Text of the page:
In my class we are watching The Green Mile. There's a bit of dialogue I could have written about teaching school:

...our job is talking, not yelling. You'd do better to think of this place like an intensive care ward.

We have had some trouble around dismissal time. A few kids get out of class and cause some bother in the halls. Bother. I can't call it trouble. I keep my door closed and stand with my back against it talking with the kids or just listening as we wait for dismissal. I try to smile.

Now consider what I'm doing. The door swings into the room to open. To go out, a kid would have to pull me out of the way. They're unlikely to do that. This is my kind of sign. It feels gentle. There's an understanding I pass on by standing there. Some kids know what I'm doing and nod at it. Those who don't know at least see that we all stay in the room until dismissal. That's good enough.

I suppose I'll have to hang the sign once it's rewritten. I won't like it and I won't use it. The tone of the thing is too angry. That sign yells at the kids. Me, I'd prefer to talk with them. It's how I would want to be treated.

Brief Thoughts About School Trips

We took students to the Chinese buffet for lunch. Just a few of them because that's all who brought signed permission slips and were willing to go. We invited every kid in the program (a pretty small number, ours being an alternative school for at-risk kids) and were prepared to take all of them.

Shouldn't such a trip be a reward?, you ask.

First, they had to come up with the money. It was too much hassle to have the school pay (though my supervisor tried her best, bless her). If kids have to pay, that's no reward.

More important, rewards are a stupid educational ideas. Here's how to tell: they are done all the time and accepted as a matter of course. Anything at school that is just the way you do it is probably wrong. Also, consider the kid barred from going. It's a punishment and if you're into that, fine, but I'm into teaching and learning. The "bad" kid is taught that she/he sucks and thus learns to be worse in order to reciprocate.

Exasperated, you say, so it's a participation trophy!

If the trip was a reward and we then let every kid go, it's a participation trophy and bad lesson. If instead this is something to which every student is invited because there is a lot to learn from it, then it's just like a class, only tastier. We invited kids, set up a structure for participating, and let them learn from the experience.

Yeah, what did they learn from eating at a Chinese buffet?

  • Swearing in public is a mark of bad manners, disrespect, and idiocy.
  • Take small portions and go back for more.
  • Saying please and thank you makes everything better.
  • Try new things and talk about them.
  • Not everyone likes the same things.
  • We like each other.
  • There's more to learning than four core subjects.
  • Learning is better when it's not graded.
  • Teachers do their best work when they seem like they're doing none at all.
  • Eating too much is uncomfortable but unavoidable at a buffet.
  • There's always room for sugary coffee drinks.

One kid learned that "bring a signed permission slip or you won't go" means just that. He wanted us to call Mom for permission. I said no and when he asked why I told him tennis is best played with a net.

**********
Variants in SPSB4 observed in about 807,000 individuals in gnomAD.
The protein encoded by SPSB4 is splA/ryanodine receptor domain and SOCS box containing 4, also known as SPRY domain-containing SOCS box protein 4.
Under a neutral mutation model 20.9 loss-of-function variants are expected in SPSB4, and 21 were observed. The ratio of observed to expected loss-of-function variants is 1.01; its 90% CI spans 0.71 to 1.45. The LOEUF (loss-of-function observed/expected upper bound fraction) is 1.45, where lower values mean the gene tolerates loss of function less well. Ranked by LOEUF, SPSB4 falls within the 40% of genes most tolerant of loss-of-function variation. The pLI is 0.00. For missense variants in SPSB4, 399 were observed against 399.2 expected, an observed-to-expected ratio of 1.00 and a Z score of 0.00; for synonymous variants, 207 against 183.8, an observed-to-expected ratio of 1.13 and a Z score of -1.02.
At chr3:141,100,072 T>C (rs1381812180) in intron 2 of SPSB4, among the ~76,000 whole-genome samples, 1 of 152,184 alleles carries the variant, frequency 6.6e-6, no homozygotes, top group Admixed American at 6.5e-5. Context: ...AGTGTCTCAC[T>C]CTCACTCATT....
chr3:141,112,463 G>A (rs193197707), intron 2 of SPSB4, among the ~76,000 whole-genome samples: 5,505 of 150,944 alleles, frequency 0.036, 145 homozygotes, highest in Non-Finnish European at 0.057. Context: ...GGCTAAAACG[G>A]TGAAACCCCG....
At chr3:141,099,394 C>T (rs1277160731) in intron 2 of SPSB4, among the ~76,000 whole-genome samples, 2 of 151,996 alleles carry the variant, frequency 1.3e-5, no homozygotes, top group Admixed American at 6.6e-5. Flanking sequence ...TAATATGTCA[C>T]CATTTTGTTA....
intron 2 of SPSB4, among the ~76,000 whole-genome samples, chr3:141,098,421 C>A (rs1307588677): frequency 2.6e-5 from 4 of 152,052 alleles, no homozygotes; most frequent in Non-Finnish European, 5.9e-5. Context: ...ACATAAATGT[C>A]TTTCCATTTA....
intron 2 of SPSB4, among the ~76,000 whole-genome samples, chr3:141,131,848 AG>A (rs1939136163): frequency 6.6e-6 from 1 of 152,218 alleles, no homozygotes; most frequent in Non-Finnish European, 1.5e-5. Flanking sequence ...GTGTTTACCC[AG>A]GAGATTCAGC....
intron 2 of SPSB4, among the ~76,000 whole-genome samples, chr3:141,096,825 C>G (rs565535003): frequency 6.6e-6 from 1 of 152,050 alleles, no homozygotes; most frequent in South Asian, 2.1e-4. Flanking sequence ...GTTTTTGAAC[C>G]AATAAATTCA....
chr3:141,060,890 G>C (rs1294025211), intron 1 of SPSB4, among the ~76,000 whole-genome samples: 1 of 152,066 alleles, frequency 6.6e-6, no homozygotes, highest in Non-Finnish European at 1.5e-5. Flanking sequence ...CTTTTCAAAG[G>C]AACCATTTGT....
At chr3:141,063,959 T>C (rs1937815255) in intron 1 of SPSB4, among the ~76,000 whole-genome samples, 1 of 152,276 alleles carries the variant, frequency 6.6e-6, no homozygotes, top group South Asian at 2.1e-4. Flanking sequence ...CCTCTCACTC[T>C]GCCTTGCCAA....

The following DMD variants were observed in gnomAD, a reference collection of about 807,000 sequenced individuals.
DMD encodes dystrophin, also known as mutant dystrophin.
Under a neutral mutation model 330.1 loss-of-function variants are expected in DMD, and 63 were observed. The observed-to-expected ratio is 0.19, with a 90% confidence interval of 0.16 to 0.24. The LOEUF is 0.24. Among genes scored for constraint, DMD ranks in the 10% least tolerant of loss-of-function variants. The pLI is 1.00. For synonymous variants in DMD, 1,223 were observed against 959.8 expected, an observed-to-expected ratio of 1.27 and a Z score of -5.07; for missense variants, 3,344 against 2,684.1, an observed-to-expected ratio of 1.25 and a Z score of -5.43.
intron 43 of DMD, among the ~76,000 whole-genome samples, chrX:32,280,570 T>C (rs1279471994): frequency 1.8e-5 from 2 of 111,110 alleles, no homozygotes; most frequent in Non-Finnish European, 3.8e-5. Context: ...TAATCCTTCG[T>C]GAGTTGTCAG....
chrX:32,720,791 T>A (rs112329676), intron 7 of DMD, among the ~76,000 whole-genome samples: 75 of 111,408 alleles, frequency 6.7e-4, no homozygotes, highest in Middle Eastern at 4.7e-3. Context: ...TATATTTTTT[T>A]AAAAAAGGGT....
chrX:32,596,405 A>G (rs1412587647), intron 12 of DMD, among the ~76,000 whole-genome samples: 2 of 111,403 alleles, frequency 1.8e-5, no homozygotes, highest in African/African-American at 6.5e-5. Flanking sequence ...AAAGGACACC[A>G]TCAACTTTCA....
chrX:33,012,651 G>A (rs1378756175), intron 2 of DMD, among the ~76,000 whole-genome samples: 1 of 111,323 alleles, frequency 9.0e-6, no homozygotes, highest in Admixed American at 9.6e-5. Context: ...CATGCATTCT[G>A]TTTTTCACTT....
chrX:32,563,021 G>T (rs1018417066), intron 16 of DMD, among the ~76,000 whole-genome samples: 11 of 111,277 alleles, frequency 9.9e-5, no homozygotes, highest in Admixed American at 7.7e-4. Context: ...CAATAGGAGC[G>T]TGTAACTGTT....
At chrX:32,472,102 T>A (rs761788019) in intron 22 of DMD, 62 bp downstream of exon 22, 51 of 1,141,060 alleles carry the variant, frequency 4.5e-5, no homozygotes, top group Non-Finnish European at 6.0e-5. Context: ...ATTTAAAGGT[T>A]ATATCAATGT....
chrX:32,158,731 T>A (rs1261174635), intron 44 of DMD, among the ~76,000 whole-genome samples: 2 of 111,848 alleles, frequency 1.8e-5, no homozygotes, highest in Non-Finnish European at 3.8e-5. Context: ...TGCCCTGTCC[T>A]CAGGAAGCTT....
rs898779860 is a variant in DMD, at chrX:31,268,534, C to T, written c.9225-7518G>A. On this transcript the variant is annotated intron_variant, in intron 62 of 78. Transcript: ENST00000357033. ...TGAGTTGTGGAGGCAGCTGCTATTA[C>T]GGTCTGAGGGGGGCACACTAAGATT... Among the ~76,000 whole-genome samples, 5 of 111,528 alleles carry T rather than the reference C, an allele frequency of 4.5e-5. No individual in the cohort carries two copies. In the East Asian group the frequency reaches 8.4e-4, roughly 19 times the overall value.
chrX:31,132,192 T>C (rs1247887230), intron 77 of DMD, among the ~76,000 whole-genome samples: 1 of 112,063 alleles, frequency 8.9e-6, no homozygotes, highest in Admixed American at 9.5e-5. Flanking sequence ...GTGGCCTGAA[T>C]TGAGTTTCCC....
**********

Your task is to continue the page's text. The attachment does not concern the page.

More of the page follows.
To recap: school trips are good, rewards suck, and remember your signed permission slip if you want to eat at the buffet. Class dismissed.

Development

Ask most teachers "how do you like professional development?" The answers will include boring, useless, and a waste of time.

During staff development I nod and look interested while writing in my notebook. I imagine tunneling out or going over the wall dodging management's spotlights and Tommy Guns. At one particularly awful presentation I calculated the factorials from 1 to 20. (20 factorial is equal to the product of 20 and all the positive integers less than 20. Google tells me it comes out to be 2,432,902,008,176,640,000. I wonder if I got it right.) All this because management frowns on my drinking bourbon while on the job.

It was a nice surprise yesterday wasn't a total waste. A full-day training in restorative circles was actually pretty useful. Though it was mostly a re-run of training we did just months ago, I learned a couple things. I'm surprised but happy.

I may be sanguine about this professional development because it is my last with this school. It helps to know I'm almost gone. Some fads and ideas brought in by management for our professional development are good, most are bad, but all of them fade and disappear after three to five years. Like riding a merry-go-round, we come back to where we started over and over. This time I'm getting off.

It's nice to go out on, if not a high note then at least not a low one. I'm grateful to the trainers, the participants, and the clock which moved steadily and without fail toward our dismissal. I'm grateful to my friend with whom I texted ridiculousness throughout. I'm grateful that I'm done with professional development in this organization. One more step toward something new.

A colleague sitting next to me at the training asked what that something new will be. I said I don't know yet. Ah, he said. What a good place to be. It really is a good place, an interesting place strange as that may seem. I've learned that much even if it wasn't part of the plan. Learning is unpredictable like that. We never know what we'll learn next.